Cynthia (brightly):  So. In order not to turn orange, I am going to mix up my carrot consumption with more crunchy veggies like celery, bell peppers, radishes, romaine lettuce, and… more cucumbers.

I have to say that sugar really does affect me adversely. In the one week that I have cut back on sweets and refined sugar, and limiting (but not eliminating) my carb intake on whole grain wheat, I find I am more energetic and my brain is not foggy.

Cynthia jogs in place and fist bumps the air with a bunch of carrots.

Cynthia:  Am I going to defy diabetes, Alzheimer’s, and ultimately… death? What do you think, Marcy?

Marcy:  That this is the most boring post you’ve ever written. Where’s the drama? Where’s the humor? And more importantly…Where’s the meat?


*If you are a human you might also like:

My Life As A Leafy Green Vegetable 

*If you are a cat you might also like:

mostly me, by penelope (who stole my cheetos?)


Fun, My Life As...

My Life As A Leafy Green Vegetable


Marcy enters to find Cynthia looking a little freaked out.

Marcy:  You look a little freaked out. What gives?

Cynthia: I’m not sure. I had a routine blood test and the results are that I’m possibly… prediabetic.

Marcy:  That’s awesome!

Cynthia (sharply):  What?

Marcy:  Prediabolical is great. It means you’re almost diabolical. Way to go, Cindy. I didn’t think you had it in you.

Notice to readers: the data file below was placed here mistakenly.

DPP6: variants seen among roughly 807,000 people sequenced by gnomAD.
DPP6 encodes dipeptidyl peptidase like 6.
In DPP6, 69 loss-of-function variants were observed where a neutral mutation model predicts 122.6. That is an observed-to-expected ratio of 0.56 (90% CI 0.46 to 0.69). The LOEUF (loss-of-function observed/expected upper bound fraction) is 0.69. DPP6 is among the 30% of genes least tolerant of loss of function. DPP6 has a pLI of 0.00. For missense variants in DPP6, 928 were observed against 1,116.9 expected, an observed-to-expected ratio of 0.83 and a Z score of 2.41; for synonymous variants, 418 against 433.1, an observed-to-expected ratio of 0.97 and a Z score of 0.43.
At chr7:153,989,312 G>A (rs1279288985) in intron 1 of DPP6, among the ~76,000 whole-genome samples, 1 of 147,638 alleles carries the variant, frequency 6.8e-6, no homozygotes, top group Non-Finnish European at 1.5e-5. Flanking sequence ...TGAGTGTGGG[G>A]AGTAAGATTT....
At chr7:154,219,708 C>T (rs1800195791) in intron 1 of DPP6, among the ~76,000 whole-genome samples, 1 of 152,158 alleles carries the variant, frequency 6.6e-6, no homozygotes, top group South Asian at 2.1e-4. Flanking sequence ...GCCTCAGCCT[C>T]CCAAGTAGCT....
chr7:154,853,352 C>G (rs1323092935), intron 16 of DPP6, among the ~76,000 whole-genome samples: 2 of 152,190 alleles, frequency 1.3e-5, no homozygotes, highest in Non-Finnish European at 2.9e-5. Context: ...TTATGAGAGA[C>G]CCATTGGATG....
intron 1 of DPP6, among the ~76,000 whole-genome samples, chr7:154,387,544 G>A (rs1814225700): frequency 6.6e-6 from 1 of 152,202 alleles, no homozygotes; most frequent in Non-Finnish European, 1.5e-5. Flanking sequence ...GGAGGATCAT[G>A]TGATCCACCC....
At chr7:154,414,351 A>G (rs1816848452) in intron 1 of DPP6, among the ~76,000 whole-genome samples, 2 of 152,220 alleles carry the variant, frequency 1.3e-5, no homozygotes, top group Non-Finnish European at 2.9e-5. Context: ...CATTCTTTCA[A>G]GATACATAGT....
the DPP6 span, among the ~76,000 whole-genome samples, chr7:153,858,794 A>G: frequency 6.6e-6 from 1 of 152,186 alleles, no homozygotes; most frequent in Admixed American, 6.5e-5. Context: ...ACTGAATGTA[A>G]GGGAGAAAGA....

Cynthia:  Prediabetic. It means I’ve got too much sugar … or carbohydrates…or something. I don’t know. I have to see the doctor about it.

Marcy (knowingly):  It’s because you don’t eat meat. If you ate Friskies instead of pasta and grape nuts and cookies you wouldn’t be in this fix.

Cynthia (annoyed):  I’m not eating meat, Marcy. But you’re right, I have been eating too many cookies lately.

Marcy:  If you ate Friskies then –

Cynthia (snapping):  I’m not eating meat!

Marcy:  Okay. No need to be crabby.

Cynthia:  I’ll just cut back on the carbs, eliminate sugar, and exercise more until I can find out what the deal is. Maybe it’s just a blip.

Marcy:  So what will you eat?

Cynthia:  Vegetables.

Marcy:  And?

Cynthia (cranky):  I don’t know, Marcy. Vegetables. I eat a lot of them anyway. I’ll just… you know… eat more.


Marcy:  More? You already eat enough lettuce and carrots that I worry the rabbits of the world are going hungry.

Cynthia:  Yeah right. As if you worry about the welfare of rabbits.

Marcy: Now, if you ate … meat, I would recommend Friskies. It’s by far the –

Cynthia (diabolically):  I … will not. Eat meat. 

I will figure out how to be a vegetarian and stay healthy at the same time. So. Are you going to help me with this?

Marcy:  As long as I don’t have to eat anything green. Yuck.

Cynthia (suddenly brightening):  You know, this could be an interesting journey. C’mon. Let’s see what’s in our kitchen and count those carbs.

Marcy and Cynthia trot off to the kitchen to do some investigating.

Marcy:  And I’ll count Friskies cans.